British Photographer Captures Last Images Of Kenya's 'Elephant Queen' Before Her Death
A British photographer has captured the last ever images of the 'Queen Elephant' just before her death.
Will Burrard-Lucas, who previously became the first person to capture a black panther in more than 100 years, just released a series of incredible pictures of a 'tusker' elephant, of which there are thought to be fewer than 20 left on earth.
While Will clearly has a knack for capturing these wild animals in their rare sightings, the photographer managed to spot the 'tusker' elephant shortly before she died, meaning they are among the last photos ever taken of her, which no doubt make them all the more special.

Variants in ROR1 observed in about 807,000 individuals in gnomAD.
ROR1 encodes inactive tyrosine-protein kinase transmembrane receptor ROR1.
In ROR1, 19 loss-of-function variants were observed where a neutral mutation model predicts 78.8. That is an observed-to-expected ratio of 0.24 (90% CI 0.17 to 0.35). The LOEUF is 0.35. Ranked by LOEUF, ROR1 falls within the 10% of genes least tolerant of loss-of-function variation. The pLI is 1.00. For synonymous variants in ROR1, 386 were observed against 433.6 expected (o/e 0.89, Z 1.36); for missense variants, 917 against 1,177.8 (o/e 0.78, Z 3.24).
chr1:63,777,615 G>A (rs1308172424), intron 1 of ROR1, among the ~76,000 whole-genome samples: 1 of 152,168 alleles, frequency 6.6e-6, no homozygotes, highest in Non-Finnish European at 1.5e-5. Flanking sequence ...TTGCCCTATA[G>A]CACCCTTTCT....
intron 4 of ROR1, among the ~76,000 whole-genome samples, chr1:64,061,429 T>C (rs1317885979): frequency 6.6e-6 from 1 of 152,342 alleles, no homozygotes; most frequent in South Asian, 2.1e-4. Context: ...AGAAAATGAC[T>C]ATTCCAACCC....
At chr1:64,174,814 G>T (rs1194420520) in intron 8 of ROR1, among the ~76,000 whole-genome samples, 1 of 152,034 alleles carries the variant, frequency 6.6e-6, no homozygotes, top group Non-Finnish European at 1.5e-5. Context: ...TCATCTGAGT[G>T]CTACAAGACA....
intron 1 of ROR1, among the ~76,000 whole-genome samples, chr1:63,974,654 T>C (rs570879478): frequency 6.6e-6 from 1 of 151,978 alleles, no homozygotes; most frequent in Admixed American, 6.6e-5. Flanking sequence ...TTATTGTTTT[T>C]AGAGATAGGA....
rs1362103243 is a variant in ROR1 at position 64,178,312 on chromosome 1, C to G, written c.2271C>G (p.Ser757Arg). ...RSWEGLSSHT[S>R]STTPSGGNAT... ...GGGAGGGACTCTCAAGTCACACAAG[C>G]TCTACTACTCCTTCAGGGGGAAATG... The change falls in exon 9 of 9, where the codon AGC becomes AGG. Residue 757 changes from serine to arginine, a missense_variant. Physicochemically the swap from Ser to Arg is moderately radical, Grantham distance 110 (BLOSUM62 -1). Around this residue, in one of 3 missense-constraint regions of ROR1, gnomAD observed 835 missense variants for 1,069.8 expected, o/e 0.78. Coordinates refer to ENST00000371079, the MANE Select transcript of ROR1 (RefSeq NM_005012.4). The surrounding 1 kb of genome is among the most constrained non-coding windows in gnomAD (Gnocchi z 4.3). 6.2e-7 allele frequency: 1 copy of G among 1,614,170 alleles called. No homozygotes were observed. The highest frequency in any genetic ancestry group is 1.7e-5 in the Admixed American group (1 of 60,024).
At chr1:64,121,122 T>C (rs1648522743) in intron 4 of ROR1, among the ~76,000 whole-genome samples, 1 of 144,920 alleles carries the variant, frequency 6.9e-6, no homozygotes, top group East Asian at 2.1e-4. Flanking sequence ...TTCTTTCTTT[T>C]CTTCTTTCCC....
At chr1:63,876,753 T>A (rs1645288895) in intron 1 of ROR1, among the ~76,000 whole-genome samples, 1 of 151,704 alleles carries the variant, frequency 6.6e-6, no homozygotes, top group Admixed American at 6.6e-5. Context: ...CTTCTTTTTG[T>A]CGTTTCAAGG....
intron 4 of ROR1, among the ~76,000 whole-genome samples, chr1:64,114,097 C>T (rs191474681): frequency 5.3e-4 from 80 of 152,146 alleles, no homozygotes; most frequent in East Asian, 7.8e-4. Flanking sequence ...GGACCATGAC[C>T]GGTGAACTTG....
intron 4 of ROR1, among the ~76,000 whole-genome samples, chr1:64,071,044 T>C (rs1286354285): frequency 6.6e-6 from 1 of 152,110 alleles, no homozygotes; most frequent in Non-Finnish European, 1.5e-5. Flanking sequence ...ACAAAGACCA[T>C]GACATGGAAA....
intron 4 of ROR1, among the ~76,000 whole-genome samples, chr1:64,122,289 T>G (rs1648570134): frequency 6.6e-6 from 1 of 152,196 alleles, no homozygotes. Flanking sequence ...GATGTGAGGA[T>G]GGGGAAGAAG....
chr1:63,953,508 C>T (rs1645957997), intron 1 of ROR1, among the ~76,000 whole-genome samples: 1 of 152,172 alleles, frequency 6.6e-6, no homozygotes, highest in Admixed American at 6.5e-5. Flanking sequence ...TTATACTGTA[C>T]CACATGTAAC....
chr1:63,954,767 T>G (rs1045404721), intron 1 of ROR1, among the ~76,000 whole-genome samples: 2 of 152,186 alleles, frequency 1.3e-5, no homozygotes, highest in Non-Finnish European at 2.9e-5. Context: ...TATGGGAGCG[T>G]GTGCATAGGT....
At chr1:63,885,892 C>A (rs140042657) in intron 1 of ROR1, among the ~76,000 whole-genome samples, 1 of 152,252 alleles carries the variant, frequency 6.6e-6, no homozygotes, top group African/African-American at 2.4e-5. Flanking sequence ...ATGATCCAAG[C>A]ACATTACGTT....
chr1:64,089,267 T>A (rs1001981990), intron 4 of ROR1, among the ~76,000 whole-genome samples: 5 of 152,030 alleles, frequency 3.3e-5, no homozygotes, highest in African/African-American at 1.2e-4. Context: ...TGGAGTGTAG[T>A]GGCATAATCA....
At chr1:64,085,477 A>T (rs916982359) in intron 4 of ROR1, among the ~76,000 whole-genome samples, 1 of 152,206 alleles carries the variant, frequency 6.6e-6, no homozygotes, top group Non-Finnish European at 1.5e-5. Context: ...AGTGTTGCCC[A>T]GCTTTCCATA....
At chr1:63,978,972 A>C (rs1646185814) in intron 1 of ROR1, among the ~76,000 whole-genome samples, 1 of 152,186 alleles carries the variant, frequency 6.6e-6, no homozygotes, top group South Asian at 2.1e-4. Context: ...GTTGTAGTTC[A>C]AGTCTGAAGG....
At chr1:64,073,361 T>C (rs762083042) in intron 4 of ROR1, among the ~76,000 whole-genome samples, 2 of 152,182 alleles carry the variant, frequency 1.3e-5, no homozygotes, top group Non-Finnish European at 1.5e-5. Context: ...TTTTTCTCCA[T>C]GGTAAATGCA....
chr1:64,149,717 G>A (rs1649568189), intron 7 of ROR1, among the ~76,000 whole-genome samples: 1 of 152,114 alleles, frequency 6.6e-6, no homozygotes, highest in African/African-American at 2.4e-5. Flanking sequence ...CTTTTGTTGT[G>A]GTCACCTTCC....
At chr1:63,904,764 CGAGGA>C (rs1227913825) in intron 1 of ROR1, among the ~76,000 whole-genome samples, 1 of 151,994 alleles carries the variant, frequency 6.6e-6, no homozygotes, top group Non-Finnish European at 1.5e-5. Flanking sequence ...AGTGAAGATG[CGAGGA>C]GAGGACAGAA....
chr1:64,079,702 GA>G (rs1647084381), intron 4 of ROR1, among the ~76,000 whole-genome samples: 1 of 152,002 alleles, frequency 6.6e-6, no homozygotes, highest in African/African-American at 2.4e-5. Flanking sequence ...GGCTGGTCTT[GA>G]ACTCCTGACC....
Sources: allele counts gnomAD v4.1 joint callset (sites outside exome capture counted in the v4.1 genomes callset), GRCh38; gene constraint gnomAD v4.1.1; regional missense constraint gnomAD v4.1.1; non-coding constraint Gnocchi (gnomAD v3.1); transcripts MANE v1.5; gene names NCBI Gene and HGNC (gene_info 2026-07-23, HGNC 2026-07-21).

'Tuskers', also referred to as 'big tuskers' are given the name once their tusks reach 100 pounds in weight and are long enough to touch the ground. Sadly, tuskers are incredibly rare these days thanks to poachers who make money from the ivory found in their tusks.
Mark Jones from wildlife charity Born Free told the BBC: "Super tuskers are very rare these days, precisely because their big tusks makes them prime targets for trophy hunters.
"Because these animals are all-too-often taken out before they have reached their reproductive prime, super-tusker genes are being bred out of elephant populations, and we could very well be seeing the last of them."
A 50-year-old tusker elephant was tragically killed by poachers by poachers just two years ago in the same region. However tragic, this fact makes it all the more impressive that the female Queen Elephant managed to over 60 years old before dying of natural causes.
Burrard-Lucas explained in a blog post: "She had survived through periods of terrible poaching and it was a victory that her life was not ended prematurely by a snare, bullet, or poisoned arrow.
"If there were a Queen of Elephants, it would surely have been her."
What a beautiful creature.